Transitioning to the big kid bed

By Liz Hastings on January 06, 2014

When I was a little girl, I dreamed of having a canopy bed like my best friend Crystal. She had a white, lacy bed frame with posts and sheer chiffon cascading over her nightie, nightly. The kind of bed the princess from The Princess and the Pea slept in. The kind I had dog-eared in the Sears catalogue. 

The kind of bed kids whose parents loved them more than anything in the whole wide world bought for their little girls with minimal begging. Yes, Mom; I went there. 

I had two twin beds I would bounce back and forth on until I would either a) get caught jumping and get in trouble because I might hurt myself or b) slam into the wall and hurt myself. 

I knew if I had a princess canopy, those injuries would never happen and life in my big kid bed would bring nothing but sweet dreams. 

Then I became a mom and realized that serious thought was required when it came to the move to the big kid bed. Which one would suit our baby and growing family? When do you make the move? Will my child be safe? 

There were so many things to consider and none of them included a canopy. 

I moved my first-born out of her crib when she was two-and-a-half because baby number two was on the way. I placed a queen-sized mattress on the floor in her room and surrounded it with mesh walls. I checked the firmness and wrestled on a plastic sheet. I added pillows and then removed them, depending on whether suffocation or neck strain was the hot parenting topic that week.

All temptations from around the room were removed; anything sharp or pointy, items that could be mistaken for food, objects with a scary face or shaped like a happy toy by day, but something whose silhouette could spark fear in the middle of the night. 

With our second and third daughters, we opted for twin beds in a shared room. This way we had some flexibility when a friend slept over (has yet to happen) and it made use of the space in the room. 

Our second born was two when we moved her out of the crib and our third was closer to three. I know four-year-olds who are still sleeping in their cribs proving there is really no perfect time to make the transition. Every child and every situation is different. If it’s working, why not let sleeping babies lie? 

We were less anxious about our kids climbing out of their beds the second and third time around because (spoiler alert!) they do climb out of beds more safely compared to their cribs. And during potty training, being able to climb in and out of bed and get to the bathroom on their own was definitely a good thing.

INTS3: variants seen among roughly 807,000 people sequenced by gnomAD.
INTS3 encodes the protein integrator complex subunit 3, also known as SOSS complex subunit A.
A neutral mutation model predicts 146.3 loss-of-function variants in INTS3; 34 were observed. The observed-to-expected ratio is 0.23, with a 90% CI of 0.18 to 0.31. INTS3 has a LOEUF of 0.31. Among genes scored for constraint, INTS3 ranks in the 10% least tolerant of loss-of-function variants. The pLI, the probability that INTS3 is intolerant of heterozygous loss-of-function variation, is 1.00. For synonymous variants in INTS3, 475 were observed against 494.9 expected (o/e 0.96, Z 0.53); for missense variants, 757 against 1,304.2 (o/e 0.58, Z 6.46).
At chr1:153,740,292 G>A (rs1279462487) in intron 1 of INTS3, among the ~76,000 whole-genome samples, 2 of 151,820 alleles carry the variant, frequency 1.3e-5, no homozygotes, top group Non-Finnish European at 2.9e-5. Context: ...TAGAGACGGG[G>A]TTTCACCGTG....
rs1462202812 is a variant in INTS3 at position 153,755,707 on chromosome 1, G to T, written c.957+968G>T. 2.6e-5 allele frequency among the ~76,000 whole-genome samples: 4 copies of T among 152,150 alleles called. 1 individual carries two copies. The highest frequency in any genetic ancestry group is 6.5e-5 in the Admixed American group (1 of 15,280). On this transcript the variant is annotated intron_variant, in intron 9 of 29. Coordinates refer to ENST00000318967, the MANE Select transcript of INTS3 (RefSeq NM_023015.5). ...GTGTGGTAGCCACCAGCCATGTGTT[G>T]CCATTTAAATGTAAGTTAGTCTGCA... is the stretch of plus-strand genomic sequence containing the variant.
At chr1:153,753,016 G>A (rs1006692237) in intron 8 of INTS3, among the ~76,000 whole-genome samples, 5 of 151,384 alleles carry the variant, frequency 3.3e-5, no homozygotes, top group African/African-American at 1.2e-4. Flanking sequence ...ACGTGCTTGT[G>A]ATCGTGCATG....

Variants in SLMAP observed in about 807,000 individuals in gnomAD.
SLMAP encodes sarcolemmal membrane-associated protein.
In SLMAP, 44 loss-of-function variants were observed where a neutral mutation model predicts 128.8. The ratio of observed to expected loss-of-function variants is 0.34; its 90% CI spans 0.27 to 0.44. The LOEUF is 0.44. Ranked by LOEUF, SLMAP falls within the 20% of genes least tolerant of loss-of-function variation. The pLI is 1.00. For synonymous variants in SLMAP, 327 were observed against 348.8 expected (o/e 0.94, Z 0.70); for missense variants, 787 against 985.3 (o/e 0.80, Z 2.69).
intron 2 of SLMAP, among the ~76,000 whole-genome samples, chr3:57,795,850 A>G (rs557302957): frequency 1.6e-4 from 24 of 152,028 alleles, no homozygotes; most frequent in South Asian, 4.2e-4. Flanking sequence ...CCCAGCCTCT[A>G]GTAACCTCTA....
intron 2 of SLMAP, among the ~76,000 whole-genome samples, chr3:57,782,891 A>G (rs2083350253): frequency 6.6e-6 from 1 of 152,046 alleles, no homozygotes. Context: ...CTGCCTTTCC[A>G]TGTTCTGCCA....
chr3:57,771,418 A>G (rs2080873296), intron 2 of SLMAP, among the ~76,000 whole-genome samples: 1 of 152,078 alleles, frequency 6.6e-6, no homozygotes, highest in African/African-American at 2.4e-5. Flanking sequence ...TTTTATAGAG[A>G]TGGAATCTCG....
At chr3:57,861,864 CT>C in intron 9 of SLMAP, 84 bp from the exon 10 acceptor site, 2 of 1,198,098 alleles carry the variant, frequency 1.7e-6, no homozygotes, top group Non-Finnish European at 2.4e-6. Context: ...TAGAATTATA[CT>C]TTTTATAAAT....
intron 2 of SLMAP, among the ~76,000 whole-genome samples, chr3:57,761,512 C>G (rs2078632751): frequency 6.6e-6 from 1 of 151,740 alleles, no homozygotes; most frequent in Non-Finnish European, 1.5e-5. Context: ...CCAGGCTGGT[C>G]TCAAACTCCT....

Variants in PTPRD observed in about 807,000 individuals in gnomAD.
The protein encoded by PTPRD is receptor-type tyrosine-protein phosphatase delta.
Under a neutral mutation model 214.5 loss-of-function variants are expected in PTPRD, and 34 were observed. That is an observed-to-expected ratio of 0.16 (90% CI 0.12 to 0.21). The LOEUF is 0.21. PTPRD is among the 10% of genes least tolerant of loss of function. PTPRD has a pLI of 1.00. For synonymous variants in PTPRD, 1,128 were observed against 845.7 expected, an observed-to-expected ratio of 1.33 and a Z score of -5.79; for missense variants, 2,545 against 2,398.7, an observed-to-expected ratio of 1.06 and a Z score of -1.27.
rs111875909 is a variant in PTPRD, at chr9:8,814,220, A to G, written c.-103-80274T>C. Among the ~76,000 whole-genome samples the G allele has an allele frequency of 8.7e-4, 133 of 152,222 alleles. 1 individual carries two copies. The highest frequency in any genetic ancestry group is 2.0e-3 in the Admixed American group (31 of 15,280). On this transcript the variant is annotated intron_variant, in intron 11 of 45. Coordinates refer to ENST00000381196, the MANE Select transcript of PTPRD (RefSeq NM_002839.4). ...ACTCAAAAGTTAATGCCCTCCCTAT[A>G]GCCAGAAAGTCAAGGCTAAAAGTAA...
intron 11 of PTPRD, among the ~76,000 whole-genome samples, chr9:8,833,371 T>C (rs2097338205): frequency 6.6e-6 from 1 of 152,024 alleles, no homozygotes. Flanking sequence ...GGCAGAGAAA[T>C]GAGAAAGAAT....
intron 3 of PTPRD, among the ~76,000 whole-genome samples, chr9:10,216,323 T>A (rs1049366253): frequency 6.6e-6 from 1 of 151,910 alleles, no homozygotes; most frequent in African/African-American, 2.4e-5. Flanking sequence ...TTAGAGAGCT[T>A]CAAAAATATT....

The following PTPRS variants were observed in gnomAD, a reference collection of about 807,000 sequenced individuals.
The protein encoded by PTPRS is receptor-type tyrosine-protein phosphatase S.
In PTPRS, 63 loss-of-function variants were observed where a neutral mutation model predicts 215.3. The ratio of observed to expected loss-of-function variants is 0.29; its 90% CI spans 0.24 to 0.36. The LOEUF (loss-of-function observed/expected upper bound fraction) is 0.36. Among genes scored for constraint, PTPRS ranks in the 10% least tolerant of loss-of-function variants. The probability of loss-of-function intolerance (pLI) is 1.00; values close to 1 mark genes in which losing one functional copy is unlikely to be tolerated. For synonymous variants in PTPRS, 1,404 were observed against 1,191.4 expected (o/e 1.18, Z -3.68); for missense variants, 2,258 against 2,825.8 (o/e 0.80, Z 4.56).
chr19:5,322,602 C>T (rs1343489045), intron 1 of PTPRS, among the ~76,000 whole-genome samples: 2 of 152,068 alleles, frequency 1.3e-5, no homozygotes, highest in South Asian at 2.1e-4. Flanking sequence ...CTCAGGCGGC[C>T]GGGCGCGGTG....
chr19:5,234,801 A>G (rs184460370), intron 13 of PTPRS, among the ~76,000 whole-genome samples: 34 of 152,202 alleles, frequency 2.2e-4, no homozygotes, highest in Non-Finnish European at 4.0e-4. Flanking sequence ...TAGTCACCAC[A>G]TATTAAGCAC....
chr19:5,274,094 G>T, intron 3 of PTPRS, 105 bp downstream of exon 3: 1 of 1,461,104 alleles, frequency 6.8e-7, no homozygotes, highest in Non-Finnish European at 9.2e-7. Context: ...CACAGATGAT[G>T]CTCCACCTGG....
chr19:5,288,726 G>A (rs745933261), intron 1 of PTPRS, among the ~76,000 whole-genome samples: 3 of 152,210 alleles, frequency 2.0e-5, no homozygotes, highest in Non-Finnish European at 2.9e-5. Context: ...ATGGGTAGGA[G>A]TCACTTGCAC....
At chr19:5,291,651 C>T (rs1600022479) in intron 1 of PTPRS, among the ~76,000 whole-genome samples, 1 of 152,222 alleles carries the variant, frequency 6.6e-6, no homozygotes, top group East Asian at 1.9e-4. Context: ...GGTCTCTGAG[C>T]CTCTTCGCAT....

As an added bonus, these escape efforts almost always resulted in the delivery of an extra hug or to show you a dust bunny in the shape of a unicorn you may otherwise have missed. It’s just one more sign that your little angel is one step closer to independence and you are progressing in the right direction as a family.

Overcoming Nighttime Fears

The transition into a big kid bed can be overwhelming. Kids like order and a big kid bed can mean introducing freedoms they didn’t realize they were ready for, which can be scary. 

  1. I always told my kids where I was going to be after I left their room so they knew I was close by. Before they moved out of the crib, they didn’t ask because there was no way to wander around and go exploring. It set their minds at ease to know if they needed to find me, call or reach out, they knew exactly where I was in the house. 
  2. With each of our daughters, we gave them a new stuffed toy to be their “Bedtime Buddy.” My girls loved the idea of tucking in their sleeping partner, reading a story to their plush animal and always having a warm, soft body next to them. 
  3. Keep the bedtime routine as close to before as possible. Playing the same soothing music, washing faces, brushing teeth, reading stories will help make the transition less scary.
Get Your Big Kid Excited About a New Bed
  1. Assign titles, “Big Kid” and “Big Kid Bed” because who doesn’t love a title? Kids understand this special rite of passage and enjoy feeling ready to take on the new challenge with a title they’ve grown into and earned. 
  2. Talk about favourite colours, patterns and characters, and let your child help choose new bedding. Kids like being engaged and tuned into a situation rather than surprised by it. 
  3. Have story time on the new bed. Removing the crib from the bedroom means shaking up the entire environment during the nap and bedtime routine. Maybe you sat on the rocking chair together before. Now you can snuggle (with Big Kid’s permission) on the bed to read stories, sing songs, make shadow puppets – something you couldn’t do with the crib. 

By Liz Hastings| January 06, 2014

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